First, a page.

Even the authors who are at the core of the literary canon must find their way out of a common catch-22 situation in order to spread their influence beyond the boundaries of their native cultural atmosphere: someone has to translate their work so that they can be read in other parts of the world, but they need to arouse the interest of someone from those foreign lands in the first place, so that they are considered worth translating. If they are not read, they won't be translated; and if they are not translated, they are not likely to be read widely.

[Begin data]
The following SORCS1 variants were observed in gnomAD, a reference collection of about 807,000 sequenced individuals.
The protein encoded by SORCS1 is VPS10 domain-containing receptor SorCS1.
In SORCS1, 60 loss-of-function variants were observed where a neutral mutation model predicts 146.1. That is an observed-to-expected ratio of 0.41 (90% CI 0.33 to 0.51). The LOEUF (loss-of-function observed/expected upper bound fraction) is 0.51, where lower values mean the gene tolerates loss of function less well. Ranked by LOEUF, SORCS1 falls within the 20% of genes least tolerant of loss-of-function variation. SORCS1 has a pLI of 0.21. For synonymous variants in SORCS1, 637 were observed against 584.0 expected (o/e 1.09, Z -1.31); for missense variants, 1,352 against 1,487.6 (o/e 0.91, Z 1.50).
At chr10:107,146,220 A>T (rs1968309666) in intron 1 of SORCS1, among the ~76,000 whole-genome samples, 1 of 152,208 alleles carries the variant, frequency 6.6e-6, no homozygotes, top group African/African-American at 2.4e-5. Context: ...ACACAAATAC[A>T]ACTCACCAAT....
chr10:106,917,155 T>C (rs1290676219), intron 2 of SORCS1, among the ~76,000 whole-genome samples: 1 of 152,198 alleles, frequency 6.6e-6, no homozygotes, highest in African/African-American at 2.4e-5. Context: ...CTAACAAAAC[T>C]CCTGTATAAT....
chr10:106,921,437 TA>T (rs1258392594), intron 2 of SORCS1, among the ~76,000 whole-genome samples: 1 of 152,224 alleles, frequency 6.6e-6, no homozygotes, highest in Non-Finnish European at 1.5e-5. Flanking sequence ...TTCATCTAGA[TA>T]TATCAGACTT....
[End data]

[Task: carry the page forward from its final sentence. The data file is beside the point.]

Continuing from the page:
In the case of the Spanish-speaking world, Shaw has long overcome that initial deadlock. There was a time, however, when practically nobody had heard of him in the country, let alone having read about him in the press. The person who single-handedly put an end to that was Ramiro...

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